China has introduced new coal plant efficiency standards in a bid to curb local air pollution, which will cut CO2 emissions 180 million tonnes a year by 2020 as a side effect, state-owned Xinhua news agency reported Wednesday.
The State Council, China’s cabinet, introduced the new rules to help meet a new target of cutting emissions of air pollutants such as sulphur dioxide and nitrous oxide 60% by the end of the decade.
Air pollution levels in Beijing have spiked this week, blanketing the city in smog and forcing some international schools to close just as China’s delegation arrived in Paris hoping to play a crucial role in negotiating a new global climate change treaty.
The new standards will improve the energy efficiency of coal plants, causing less coal to be burnt, Xinhua reported. As a result, CO2 emissions slightly above the Netherlands’ annual output will be saved.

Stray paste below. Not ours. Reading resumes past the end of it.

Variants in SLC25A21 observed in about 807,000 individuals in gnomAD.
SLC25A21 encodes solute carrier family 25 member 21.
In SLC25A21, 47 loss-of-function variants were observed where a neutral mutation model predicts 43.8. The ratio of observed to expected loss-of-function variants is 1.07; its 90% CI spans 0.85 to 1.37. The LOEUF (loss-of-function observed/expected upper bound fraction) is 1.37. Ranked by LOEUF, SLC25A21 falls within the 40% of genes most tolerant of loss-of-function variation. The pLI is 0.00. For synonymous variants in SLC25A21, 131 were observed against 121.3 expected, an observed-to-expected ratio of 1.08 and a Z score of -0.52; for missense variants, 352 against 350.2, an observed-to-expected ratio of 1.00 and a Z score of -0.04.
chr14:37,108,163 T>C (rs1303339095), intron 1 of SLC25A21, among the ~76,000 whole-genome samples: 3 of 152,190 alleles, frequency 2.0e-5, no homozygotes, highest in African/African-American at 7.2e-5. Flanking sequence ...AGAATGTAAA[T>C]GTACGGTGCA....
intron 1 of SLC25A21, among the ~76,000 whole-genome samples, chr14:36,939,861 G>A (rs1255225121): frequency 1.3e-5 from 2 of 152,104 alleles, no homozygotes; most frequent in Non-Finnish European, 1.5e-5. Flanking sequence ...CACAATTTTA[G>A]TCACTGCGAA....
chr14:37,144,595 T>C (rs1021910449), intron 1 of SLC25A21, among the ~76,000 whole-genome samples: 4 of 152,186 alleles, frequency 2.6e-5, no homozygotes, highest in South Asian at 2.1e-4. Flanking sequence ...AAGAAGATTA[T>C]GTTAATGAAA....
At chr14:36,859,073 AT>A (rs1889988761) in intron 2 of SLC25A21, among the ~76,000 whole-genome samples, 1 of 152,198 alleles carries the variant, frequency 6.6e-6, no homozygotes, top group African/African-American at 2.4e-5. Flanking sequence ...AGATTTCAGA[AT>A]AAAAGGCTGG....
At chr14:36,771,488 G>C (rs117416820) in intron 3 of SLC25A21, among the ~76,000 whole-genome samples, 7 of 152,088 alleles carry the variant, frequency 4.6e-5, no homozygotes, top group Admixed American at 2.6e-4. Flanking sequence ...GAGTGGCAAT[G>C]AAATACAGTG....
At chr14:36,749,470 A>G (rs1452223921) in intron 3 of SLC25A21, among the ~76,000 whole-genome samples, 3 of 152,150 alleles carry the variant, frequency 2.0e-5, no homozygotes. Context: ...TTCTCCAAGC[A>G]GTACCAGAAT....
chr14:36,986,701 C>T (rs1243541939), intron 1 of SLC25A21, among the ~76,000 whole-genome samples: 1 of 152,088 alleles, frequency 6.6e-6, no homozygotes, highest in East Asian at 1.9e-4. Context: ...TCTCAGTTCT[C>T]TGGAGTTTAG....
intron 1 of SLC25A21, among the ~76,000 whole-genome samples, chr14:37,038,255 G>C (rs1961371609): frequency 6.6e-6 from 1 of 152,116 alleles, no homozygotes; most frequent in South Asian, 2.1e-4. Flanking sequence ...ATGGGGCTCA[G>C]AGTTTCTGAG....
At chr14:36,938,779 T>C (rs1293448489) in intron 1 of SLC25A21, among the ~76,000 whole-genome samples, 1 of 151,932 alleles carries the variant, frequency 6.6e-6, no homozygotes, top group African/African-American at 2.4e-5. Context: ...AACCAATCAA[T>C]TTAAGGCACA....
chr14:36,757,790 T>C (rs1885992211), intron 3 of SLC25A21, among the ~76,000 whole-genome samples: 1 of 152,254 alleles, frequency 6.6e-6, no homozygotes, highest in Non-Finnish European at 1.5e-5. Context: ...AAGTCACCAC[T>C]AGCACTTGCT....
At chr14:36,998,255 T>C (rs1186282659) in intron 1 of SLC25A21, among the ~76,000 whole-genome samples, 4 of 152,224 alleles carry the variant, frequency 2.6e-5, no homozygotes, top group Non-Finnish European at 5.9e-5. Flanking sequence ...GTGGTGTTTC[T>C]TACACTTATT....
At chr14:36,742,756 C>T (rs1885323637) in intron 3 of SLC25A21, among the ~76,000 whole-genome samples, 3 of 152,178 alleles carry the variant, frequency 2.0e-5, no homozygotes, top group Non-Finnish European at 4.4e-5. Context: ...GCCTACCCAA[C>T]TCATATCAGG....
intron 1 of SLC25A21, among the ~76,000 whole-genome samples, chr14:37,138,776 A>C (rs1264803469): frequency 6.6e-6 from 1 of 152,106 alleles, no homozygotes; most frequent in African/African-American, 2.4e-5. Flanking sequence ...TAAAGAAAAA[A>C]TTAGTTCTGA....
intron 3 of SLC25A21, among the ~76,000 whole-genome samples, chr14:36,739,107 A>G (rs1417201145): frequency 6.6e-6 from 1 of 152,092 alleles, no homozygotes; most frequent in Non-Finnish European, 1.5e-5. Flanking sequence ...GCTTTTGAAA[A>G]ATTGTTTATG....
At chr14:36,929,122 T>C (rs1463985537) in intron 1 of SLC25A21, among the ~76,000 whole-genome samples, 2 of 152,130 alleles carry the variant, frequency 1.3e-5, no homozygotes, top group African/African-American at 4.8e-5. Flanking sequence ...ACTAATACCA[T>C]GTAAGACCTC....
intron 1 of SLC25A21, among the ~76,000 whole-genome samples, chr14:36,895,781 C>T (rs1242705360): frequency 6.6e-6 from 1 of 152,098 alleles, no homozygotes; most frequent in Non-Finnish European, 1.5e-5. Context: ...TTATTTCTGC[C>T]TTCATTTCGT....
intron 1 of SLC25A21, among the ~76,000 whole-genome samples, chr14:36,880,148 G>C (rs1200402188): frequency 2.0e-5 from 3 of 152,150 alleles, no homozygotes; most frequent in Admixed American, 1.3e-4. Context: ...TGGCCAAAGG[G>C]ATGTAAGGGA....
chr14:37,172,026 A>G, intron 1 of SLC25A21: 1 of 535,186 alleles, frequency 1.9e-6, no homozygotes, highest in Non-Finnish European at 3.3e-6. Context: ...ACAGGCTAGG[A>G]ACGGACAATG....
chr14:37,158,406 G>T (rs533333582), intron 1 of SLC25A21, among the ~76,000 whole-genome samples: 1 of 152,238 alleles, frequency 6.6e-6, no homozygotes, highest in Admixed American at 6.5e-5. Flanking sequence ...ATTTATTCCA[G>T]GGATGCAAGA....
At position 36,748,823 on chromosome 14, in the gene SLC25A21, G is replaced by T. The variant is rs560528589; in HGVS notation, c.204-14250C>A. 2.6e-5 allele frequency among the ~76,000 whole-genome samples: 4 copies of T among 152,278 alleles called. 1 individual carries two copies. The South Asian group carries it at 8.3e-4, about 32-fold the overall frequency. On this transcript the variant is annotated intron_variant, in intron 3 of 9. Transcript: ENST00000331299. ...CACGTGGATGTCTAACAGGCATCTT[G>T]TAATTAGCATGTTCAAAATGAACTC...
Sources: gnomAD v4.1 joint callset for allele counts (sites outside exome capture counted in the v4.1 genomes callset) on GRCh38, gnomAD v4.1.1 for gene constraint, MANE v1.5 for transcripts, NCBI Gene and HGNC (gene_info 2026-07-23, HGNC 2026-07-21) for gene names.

Coal consumption in China fell 4% year-on-year in the first ten months of 2015, and the new regulations will most likely help speed up the trend of falling coal use, increasing the chances that China will comfortably meet its target of peaking GHG emissions by 2030.
“We’re seeing a remarkable decline in Chinese CO2 emissions from coal since last year. We’re also seeing a slowdown in the growth of power demand, while renewables are doing so much to meet the energy needs of China,” said Li Yan, a climate and energy campaigner with Greenpeace China.
“There’s no doubt that China is still a huge contributor to global carbon emissions, but there’s also hope that the link between economic growth and CO2 is being weakened.”
By Stian Reklev – firstname.lastname@example.org